March 07, 2015
In January John and I visited Hong Kong. The internet in Vietnam became painfully and unbearably slow; so slow that we were constantly in a bad mood and ready to kill each other but couldn’t really figure out why. Turns out one of the two undersea cables out of the country had been clipped. Estimations for repairs were a few weeks, so we decided to spend one of those weeks in Hong Kong visiting a friend.
Hong Kong is a very international city. It’s really easy to get around speaking just English, which probably has something to do with the fact that Britain controlled Hong Kong for about 159 years (1841-1997 minus 1941-1945 when Japan controlled it). The original conflict between Britain and China began in the 1930s over the manufacturing and exportation of opium. The conflict soon grew beyond Opium and included differences in opinion on diplomatic relations, trade, and administration of justice.
Basically, the British East India Company was making opium and selling it to people in China. The Chinese government was alarmed at the growing number of opium addicts in the country so they attempted to halt the trade of opium by seizing a whole lot of it without compensation. Britain was pissed. Although they acknowledged China’s right to control imports of the drug in their country, they declared this arbitrary seizure objectionable because of the lack of compensation for the goods and used their navy and ‘gunnery powder’ to bomb the Chinese to hell and high water .
This lead to the Treaty of Nanking and part of that treaty was compensation for the goods seized in the form of Hong Kong island. The treaty also opened up more ports for trading since prior to the Opium Wars, China was largely self-sufficient and closed off from trade with the outside world. The British were ultimately unsatisfied with the Treaty of Nanking (you can read more here if you’re a history buff), and there was a second Opium War. The second Opium War resulted in even more ports being opened up for trade to Britain, France, the US, and Russia.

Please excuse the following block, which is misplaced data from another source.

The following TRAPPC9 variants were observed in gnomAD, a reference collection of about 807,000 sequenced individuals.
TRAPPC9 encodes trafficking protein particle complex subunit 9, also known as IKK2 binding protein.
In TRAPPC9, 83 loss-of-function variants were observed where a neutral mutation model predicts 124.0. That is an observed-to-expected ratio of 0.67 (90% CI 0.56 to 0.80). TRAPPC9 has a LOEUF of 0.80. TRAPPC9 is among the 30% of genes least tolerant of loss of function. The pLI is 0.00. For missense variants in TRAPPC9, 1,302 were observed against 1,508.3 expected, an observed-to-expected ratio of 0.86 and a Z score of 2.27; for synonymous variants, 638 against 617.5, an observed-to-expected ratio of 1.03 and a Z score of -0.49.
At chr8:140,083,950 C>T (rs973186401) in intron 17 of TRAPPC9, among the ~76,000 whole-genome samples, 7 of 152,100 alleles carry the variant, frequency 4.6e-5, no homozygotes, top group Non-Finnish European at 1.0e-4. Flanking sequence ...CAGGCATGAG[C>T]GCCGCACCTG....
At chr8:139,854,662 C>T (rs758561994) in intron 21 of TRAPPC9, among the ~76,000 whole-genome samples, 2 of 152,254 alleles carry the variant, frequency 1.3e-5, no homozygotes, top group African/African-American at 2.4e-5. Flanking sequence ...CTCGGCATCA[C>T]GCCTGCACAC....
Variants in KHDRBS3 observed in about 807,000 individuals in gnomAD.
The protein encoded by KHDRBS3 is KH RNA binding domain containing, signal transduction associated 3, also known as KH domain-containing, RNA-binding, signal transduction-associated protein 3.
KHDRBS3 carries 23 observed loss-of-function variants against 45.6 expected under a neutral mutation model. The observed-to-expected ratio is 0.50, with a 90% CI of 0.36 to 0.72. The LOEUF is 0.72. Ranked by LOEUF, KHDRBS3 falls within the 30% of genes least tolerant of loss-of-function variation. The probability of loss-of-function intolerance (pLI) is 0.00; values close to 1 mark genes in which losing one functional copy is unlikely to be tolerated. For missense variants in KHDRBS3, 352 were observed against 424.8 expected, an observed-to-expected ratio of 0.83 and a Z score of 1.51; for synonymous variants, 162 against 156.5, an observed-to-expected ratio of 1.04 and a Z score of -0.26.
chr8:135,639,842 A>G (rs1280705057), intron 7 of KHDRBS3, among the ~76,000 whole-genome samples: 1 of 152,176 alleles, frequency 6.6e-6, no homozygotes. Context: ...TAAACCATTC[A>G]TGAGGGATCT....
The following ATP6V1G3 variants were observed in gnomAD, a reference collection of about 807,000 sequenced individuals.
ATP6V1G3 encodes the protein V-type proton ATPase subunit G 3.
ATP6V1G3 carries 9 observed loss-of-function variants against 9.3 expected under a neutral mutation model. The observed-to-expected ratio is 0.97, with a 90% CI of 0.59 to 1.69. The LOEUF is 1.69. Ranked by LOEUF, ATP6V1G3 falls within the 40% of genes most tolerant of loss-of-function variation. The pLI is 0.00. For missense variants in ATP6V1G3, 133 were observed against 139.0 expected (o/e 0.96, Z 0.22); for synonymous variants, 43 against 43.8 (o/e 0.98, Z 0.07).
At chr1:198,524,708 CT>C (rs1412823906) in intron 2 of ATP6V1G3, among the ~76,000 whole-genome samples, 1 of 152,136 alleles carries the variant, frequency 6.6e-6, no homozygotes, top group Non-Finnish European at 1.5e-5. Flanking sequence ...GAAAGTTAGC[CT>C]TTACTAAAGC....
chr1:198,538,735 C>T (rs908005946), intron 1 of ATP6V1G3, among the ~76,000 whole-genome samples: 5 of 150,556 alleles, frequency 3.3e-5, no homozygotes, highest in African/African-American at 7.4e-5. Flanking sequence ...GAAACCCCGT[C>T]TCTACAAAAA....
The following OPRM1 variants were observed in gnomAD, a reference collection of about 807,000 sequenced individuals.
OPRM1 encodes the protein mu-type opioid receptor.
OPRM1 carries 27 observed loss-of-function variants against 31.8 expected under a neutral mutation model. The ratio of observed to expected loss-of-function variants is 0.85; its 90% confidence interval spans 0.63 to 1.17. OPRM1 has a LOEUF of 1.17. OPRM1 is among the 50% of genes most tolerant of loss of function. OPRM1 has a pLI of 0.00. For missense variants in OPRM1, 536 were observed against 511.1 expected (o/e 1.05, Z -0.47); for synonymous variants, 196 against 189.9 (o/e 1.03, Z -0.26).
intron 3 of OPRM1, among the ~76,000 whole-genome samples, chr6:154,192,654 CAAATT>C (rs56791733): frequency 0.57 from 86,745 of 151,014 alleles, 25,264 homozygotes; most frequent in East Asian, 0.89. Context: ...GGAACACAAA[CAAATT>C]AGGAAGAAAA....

The food in Hong Kong is incredibly rich (aka high fat high calories). We came from Vietnam where the food is very fresh and very simple, so the contrast was a little startling for us. The city is also very expensive; even more so than San Francisco or New York. While you can get local food very cheaply, the average meal at a restaurant was about $100 USD for 2 people. By contrast, we’ve been spending about $10 USD for 2 people per meal in Vietnam.
I am obsessed with the subway in Hong Kong; it might be the greatest thing I've seen on our trip to Asia so far. It’s one of the most beautiful things I’ve ever seen. It’s fast, clean, and efficient. You’re not allowed to eat or drink on the subway, so the seats are clean from spills and crumbs. There are glass doors that close around the train so there's not fear of people falling on the tracks before the train comes. If every city had this kind of public transportation the world would be a better place.
Hong Kong is situated on an island just off mainland China. The city of Hong Kong is very densely populated, but it is surrounded by a lot of beautiful hills and nature. Hiking is a pretty popular activity for people who live in and around Hong Kong, so Jason and his friends took us on a hike around one of the reservoirs outside the city. Back when the British controlled Hong Kong, China withheld water from the area forcing the British to supply all water to the city themselves. Thus, they built some very impressive, very large water reservoirs outside the city that are no longer used.
Here's everyone using a go-pro on a selfie stick to take a picture.